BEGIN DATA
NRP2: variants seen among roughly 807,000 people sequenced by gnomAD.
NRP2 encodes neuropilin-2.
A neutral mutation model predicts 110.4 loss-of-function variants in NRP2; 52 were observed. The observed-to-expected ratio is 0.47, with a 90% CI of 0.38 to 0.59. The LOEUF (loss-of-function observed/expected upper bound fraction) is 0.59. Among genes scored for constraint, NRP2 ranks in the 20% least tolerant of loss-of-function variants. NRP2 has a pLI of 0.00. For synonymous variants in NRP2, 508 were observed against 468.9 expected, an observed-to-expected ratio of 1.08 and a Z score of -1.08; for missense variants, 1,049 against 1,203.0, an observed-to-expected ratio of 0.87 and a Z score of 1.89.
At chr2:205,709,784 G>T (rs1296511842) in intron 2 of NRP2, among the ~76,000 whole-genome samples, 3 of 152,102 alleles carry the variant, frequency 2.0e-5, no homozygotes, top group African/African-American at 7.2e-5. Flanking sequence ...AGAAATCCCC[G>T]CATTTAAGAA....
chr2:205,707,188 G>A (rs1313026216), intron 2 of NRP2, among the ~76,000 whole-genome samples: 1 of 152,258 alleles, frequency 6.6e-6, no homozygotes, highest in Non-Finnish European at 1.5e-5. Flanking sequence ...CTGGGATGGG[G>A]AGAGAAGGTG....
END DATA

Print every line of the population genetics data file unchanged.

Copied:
NRP2: variants seen among roughly 807,000 people sequenced by gnomAD.
NRP2 encodes neuropilin-2.
A neutral mutation model predicts 110.4 loss-of-function variants in NRP2; 52 were observed. The observed-to-expected ratio is 0.47, with a 90% CI of 0.38 to 0.59. The LOEUF (loss-of-function observed/expected upper bound fraction) is 0.59. Among genes scored for constraint, NRP2 ranks in the 20% least tolerant of loss-of-function variants. NRP2 has a pLI of 0.00. For synonymous variants in NRP2, 508 were observed against 468.9 expected, an observed-to-expected ratio of 1.08 and a Z score of -1.08; for missense variants, 1,049 against 1,203.0, an observed-to-expected ratio of 0.87 and a Z score of 1.89.
At chr2:205,709,784 G>T (rs1296511842) in intron 2 of NRP2, among the ~76,000 whole-genome samples, 3 of 152,102 alleles carry the variant, frequency 2.0e-5, no homozygotes, top group African/African-American at 7.2e-5. Flanking sequence ...AGAAATCCCC[G>T]CATTTAAGAA....
chr2:205,707,188 G>A (rs1313026216), intron 2 of NRP2, among the ~76,000 whole-genome samples: 1 of 152,258 alleles, frequency 6.6e-6, no homozygotes, highest in Non-Finnish European at 1.5e-5. Flanking sequence ...CTGGGATGGG[G>A]AGAGAAGGTG....